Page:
The weakness and disorientation that Spider-Man has recently been feeling, is the onset of a fatal disease! In the last issue Spidey travelled from one end of the Marvel Universe to the other looking for someone who could help him, but not the science of Reed Richards, the wonders of Wakanda or the powers of Stephen Strange were up to the task. Spider-Man carries a terrible curse, and the cells in his body are degenerating. It is only a matter of time.
In Marvel Knights: Spider-Man #20 our hero decided to make the best of his last days, and do all the things he always wanted to. He used Doctor Doom's time machine to travel into the past and see his parents and uncle Ben. He used his spider sense to play the tables in Las Vegas and win. He even took MJ into outer space courtesy of a Stark space-pod. And all the while, Morlun continued to stalk him.
Then, in Amazing Spider-Man #526 Morlun finally caught up with his prey. Spider-Man fought the fight of his life and for a moment it looked as though he could triumph over this unbeatable foe. But there was no victory. Morlun took Peter's eye, then he took his life.
And now, The Other continues....
The action picks up where Amazing Spider-Man #526 left off. Morlun is a standing over the broken and defeated body of our hero. His mission completed, his prey destroyed it is now time for him to feed. However, before he can begin he is interrupted by the arrival of half a dozen police cars. The cops are no threat to Morlun; he kills several out of hand. But they are an inconvenience, and will interfere with the feeding process. Morlun leaves the scene. He can track Peter's body where-ever it may be. He can wait.
Police and paramedics move in around the body of Spider-Man. They remove the mask. The eyeless face is such a bloodied mess that no-one could recognise this as Peter Parker. Yet there is still life in the body. Spidey is rushed to hospital, but in the operating theatre it becomes apparent that anything the doctors do is simply delaying the inevitable. "The man is gone. Only the Spider remains."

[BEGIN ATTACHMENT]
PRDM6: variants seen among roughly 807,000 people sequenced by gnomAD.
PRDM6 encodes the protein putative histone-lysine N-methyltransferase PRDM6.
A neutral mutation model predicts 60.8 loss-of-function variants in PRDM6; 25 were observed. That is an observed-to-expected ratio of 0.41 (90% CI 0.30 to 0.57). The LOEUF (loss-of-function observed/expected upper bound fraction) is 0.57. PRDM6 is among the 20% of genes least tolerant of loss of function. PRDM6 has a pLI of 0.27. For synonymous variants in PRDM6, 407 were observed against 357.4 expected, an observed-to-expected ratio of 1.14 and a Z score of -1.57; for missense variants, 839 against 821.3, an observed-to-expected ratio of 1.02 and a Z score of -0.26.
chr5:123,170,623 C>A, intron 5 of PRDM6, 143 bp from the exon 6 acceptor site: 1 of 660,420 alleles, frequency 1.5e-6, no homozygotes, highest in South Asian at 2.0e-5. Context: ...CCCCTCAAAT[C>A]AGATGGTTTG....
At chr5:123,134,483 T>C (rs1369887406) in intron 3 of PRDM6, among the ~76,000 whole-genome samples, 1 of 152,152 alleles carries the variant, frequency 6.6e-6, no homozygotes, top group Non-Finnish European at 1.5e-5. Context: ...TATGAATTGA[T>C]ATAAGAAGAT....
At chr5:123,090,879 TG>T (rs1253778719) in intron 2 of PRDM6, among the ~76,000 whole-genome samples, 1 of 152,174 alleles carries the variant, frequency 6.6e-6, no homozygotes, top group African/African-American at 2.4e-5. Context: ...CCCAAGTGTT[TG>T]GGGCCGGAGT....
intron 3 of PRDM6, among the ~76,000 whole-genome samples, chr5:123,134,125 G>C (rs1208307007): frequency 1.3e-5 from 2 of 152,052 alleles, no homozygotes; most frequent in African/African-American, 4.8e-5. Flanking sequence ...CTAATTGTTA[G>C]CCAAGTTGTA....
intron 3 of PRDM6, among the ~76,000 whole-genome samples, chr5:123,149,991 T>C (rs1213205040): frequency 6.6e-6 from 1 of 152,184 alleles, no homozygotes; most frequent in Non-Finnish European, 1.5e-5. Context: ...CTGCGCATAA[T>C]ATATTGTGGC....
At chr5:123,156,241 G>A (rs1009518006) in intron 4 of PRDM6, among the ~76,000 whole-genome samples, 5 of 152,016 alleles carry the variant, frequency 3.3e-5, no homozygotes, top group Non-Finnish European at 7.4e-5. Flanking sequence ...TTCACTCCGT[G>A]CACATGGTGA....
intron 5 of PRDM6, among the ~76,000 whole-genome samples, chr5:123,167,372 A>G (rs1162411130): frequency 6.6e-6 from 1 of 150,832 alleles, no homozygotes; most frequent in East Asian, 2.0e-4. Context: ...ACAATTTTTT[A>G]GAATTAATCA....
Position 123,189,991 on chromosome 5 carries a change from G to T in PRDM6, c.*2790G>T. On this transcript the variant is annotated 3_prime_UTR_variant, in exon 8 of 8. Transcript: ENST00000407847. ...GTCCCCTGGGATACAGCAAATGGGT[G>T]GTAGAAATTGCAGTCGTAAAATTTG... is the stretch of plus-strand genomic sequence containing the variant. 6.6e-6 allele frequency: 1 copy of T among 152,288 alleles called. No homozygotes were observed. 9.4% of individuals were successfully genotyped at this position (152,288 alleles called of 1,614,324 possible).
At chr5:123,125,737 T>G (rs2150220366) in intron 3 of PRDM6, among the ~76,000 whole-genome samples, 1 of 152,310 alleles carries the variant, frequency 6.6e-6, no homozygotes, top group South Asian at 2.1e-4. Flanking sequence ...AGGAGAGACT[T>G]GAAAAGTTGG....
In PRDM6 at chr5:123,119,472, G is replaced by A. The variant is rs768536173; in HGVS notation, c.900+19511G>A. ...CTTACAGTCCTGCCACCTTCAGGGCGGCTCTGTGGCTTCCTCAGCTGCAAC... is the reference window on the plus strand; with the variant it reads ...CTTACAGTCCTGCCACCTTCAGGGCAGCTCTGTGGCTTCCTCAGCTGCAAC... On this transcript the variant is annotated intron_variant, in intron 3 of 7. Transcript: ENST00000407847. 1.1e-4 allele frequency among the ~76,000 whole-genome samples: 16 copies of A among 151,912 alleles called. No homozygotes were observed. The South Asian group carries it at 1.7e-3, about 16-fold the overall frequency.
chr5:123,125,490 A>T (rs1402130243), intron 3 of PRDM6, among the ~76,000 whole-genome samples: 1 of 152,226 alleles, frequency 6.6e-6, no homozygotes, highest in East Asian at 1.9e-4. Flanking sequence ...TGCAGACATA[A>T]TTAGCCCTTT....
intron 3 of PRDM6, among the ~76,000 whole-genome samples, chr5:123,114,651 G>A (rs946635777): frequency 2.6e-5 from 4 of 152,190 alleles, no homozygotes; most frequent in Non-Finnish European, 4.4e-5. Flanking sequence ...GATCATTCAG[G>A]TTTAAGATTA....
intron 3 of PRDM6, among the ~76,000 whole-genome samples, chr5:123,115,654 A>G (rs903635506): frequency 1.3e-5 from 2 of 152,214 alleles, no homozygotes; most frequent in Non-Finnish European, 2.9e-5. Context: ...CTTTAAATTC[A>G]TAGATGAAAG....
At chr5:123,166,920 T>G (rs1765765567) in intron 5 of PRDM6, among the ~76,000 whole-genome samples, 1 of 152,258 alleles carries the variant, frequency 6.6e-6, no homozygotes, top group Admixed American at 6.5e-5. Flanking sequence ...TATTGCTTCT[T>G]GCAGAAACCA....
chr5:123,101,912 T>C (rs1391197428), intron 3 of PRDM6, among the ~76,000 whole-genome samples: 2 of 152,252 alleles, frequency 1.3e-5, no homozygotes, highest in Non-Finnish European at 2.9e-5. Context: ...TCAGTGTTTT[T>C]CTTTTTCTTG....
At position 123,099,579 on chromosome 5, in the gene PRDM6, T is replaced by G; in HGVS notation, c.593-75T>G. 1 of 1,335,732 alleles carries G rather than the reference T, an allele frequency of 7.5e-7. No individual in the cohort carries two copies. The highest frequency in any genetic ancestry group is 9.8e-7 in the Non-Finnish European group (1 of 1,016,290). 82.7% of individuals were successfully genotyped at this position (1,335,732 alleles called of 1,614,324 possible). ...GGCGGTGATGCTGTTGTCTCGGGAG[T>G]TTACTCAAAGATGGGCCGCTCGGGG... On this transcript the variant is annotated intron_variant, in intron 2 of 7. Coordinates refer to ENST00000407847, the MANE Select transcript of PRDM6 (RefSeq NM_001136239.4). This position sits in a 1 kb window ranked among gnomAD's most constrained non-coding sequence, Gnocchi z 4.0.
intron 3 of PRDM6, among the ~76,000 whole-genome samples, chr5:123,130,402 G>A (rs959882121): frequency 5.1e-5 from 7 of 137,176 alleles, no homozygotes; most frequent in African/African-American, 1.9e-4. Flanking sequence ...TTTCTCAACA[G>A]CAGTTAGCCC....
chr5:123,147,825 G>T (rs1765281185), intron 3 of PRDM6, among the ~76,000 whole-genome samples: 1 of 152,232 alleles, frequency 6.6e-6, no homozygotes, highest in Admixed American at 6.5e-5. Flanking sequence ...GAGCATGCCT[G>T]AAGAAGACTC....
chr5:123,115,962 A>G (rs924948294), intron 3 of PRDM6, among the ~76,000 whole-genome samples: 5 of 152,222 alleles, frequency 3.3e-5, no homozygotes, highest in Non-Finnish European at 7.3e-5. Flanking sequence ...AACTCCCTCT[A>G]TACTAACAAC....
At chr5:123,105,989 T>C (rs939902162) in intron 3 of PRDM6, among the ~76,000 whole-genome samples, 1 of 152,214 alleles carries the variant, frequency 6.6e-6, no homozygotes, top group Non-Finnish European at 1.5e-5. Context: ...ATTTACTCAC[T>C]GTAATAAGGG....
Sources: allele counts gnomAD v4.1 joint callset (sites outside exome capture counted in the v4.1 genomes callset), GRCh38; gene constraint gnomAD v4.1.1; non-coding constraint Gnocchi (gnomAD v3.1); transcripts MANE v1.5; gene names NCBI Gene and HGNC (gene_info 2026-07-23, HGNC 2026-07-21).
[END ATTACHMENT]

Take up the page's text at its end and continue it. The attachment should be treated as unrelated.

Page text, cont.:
Word of the fall of Spider-Man is all over the television news. Iron Man flies Captain America and Luke Cage to the scene. Jessica Drew drives a distraught Mary-Jane, while Aunt May remains behind to be comforted by Jarvis. They all converge on the hospital; as does a hungry and delighted Morlun.
The Avengers clash with the hospital staff. They cannot allow Spider-Man to be moved; it would be prematurely fatal. Jessica Drew kicks open a locked door to a stairwell, and tells MJ to head to Peter's room on the upper floor. She then withdraws to assist her comrades. But Morlun has already found Peter's room. He stands like a vampire over the bed. Mouths open on the palms of his hands and he lowers them to Peter's helpless body. In consuming Peter he will take all his strength and all his power, everything Peter is, has been or could become, will be Morlun.
But Peter is not without his protector. At the very last moment, Mary Jane bursts into the room and tackles Morlun. "Leave him alone!" she yells, gouging at his eyes with her fingernails.
Yet for all her valour, MJ is nothing to Morlun. He flicks her aside contemptuously. Her efforts to find a weapon or to stop him consuming her are futile. She can see nothing but her own impending death. But she and Morlun are not alone in the room; there is something stirring inside Peter Parker. The man may be gone, but the Spider remains and the Spider remembers. It remembers the unshakeable bond between Peter and MJ; it remembers his promise to always be there for her.
The Spider is not dead. The Spider is resting, it is conserving its strength for one final effort. The Spider has gifts and powers that Peter Parker never accepted and consequently never used. But now the Spider is cornered and it needs those powers. Now, is the moment to strike.